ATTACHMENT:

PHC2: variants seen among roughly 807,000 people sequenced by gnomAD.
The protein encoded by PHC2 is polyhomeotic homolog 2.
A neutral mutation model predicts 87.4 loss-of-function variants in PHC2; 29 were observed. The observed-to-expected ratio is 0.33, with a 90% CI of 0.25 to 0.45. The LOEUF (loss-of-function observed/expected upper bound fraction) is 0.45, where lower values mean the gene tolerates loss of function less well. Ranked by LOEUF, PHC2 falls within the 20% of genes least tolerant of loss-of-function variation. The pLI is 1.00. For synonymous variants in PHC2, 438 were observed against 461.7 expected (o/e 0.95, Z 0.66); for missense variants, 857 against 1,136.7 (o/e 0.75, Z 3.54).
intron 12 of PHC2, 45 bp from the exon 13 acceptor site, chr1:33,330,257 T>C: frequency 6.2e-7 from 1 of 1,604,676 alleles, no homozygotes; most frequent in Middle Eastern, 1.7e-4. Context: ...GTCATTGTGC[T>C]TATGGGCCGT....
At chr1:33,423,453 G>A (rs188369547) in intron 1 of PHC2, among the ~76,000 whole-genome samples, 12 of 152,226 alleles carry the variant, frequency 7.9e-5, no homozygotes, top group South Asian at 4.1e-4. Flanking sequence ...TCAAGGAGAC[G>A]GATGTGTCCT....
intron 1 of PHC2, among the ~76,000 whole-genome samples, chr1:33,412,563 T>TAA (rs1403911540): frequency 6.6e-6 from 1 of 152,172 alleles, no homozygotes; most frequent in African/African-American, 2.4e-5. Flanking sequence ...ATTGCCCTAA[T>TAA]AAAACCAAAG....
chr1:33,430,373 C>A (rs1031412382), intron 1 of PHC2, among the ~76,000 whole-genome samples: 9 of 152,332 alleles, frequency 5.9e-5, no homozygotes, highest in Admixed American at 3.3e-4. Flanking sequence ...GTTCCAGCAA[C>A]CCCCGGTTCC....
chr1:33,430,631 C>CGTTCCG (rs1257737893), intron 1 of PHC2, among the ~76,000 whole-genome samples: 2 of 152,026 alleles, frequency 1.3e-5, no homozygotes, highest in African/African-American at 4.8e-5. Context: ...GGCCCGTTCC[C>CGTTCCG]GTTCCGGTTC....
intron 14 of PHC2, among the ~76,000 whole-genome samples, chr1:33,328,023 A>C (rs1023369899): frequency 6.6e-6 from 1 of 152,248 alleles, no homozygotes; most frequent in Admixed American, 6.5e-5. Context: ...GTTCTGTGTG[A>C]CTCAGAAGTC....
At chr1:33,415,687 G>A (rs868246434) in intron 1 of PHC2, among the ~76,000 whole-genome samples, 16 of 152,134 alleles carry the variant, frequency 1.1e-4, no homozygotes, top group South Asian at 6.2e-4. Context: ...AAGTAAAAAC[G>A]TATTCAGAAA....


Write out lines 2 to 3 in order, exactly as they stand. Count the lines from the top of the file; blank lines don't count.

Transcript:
The protein encoded by PHC2 is polyhomeotic homolog 2.
A neutral mutation model predicts 87.4 loss-of-function variants in PHC2; 29 were observed. The observed-to-expected ratio is 0.33, with a 90% CI of 0.25 to 0.45. The LOEUF (loss-of-function observed/expected upper bound fraction) is 0.45, where lower values mean the gene tolerates loss of function less well. Ranked by LOEUF, PHC2 falls within the 20% of genes least tolerant of loss-of-function variation. The pLI is 1.00. For synonymous variants in PHC2, 438 were observed against 461.7 expected (o/e 0.95, Z 0.66); for missense variants, 857 against 1,136.7 (o/e 0.75, Z 3.54).